I have taken mine across the Simpson Desert, up to Cape York, Up and down and across all the major "tracks" and last year up the Canning Stock Route.

Never missed a beat!!

Very very agile 4WD and a heap better on fuel than a big Landy.

BUT if ever you want to tow (as I doing now) only a 2500KG capacity, and that's about the lowest of all the modern day 4WD's.

Had I had my time over again, and knowing what I know about the towing capacity I'd have bought a Cruiser BUT, I cannot take one thing away form the Prado its a ripper 4WD if that is what you want.
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Follow Up By: Alloy c/t - Sunday, Mar 23, 2014 at 18:25

Sunday, Mar 23, 2014 at 18:25
FJ Cruiser which is a Playdo mechanically but 100mm shorter [ cut off rear chassis] has less towing capacity , only 2250kg….
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Follow Up By: The Bantam - Sunday, Mar 23, 2014 at 18:39

Sunday, Mar 23, 2014 at 18:39
Yeh...so that means the FJ crusr is not a landcruiser either it just a short ass hilux.

Still a better choice that the hungry and flatulant fat man that is the 200 series is.

:)

cheers
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Follow Up By: The Explorer - Monday, Mar 24, 2014 at 00:47

Monday, Mar 24, 2014 at 00:47
?.No, hilux has different wheel base/etc to a prado/fj...motor is same I think but thats about it based on casual observation. Nobody has ever suggested a Prado/FJ was scaled down "Landcruiser" except you. Repeated reference to "prado=hilux" is just a bit of (failed) trolling I suspect.

Cheers
Greg
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Follow Up By: The Bantam - Monday, Mar 24, 2014 at 20:29

Monday, Mar 24, 2014 at 20:29
OH come on...the whole FJ cruiser project is specifically intended to ride on the back of the landcruiser brand and image.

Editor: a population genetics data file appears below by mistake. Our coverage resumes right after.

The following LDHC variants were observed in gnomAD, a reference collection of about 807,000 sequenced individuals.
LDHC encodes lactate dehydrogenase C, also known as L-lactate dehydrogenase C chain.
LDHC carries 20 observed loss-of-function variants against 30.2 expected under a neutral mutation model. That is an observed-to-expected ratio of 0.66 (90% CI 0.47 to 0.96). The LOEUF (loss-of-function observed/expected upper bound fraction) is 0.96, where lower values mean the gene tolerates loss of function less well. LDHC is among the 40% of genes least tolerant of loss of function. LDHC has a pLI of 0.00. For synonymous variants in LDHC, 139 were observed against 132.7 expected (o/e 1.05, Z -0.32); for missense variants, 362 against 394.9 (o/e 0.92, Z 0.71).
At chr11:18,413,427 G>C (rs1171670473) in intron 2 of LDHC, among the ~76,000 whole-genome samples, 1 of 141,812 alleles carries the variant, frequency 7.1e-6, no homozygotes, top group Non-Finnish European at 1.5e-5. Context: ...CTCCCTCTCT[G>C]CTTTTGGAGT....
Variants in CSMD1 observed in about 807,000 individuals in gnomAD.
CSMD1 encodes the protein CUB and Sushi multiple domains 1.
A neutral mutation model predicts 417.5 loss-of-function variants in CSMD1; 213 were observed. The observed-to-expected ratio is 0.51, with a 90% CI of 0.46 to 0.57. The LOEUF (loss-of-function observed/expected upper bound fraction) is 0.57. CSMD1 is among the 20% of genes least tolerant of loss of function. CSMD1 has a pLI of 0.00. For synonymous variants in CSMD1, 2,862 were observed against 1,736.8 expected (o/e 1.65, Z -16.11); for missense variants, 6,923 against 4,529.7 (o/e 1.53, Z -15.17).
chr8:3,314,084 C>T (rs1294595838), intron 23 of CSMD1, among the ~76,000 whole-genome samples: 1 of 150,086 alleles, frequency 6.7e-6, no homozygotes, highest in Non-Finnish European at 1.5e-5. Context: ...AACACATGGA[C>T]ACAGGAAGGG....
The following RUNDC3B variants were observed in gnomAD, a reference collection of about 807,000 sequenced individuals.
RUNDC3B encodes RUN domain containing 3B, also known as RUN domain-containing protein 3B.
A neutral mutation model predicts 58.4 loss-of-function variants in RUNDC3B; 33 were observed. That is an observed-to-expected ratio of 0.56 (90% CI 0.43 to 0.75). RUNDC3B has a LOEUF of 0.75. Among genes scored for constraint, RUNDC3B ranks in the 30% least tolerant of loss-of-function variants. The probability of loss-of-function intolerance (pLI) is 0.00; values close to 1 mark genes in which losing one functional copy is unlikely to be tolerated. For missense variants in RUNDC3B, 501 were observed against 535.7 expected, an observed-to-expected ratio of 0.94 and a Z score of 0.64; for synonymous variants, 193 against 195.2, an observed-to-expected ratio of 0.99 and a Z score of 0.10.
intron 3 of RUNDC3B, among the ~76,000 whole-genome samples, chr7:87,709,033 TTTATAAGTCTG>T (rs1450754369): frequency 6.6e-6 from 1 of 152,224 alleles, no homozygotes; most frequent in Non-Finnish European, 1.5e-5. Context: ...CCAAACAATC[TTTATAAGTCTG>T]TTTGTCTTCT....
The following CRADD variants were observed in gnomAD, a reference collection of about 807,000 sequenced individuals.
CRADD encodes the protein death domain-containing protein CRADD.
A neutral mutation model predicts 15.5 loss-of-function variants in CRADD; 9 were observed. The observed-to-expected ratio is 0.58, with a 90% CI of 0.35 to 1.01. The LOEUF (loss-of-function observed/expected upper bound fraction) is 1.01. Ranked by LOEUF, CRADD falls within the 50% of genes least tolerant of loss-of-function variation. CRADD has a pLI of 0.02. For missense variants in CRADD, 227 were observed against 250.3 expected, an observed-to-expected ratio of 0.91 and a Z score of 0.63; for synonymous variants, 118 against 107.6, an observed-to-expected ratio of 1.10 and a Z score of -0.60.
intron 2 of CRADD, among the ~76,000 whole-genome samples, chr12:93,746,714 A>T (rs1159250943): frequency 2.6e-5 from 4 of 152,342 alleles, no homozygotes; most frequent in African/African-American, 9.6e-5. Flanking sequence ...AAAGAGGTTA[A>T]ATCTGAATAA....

Come on now....F...J....Cruiser....if that does not suggest its a landcruiser I don't know what does.

The FJ cruiser is apart from the body styling a Prado..and thus bears more mechanical resembelence to a hilux than a landcruser.

The Tacoma, has a slighty different wheel base & such to a hilux.....but to look at it you would have no doubt that it is a hilux variant...just chubbed up a little bit for the US market.

I'll continue to point out the Prado being derived from the hilux, because it is the truth.

I enjoy showing marketing spin for what it is.

The early prados where mechanically identical to the hilux except for the rear suspension....engines, gearbox and drive line. even front suspenion....I have a manual common to both that shows it beyond any doubt.

There may have been a little mechanical divergence in the more recent models...but the fact remains..prado is more hilux than landcruiser....and thus the FJ cruiser.

Unfortunatly some don't see that as a positive thing.

cheers
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Follow Up By: The Explorer - Monday, Mar 24, 2014 at 22:40

Monday, Mar 24, 2014 at 22:40
....Nobody ever said the Prado wasn't "closer" to a Hilux that a "Landcruiser" ....but I think the difference is significant enough for the Prado to be referred to as a Prado and not a modified Hilux (even if three models ago and over a decade in time they shared more common parts).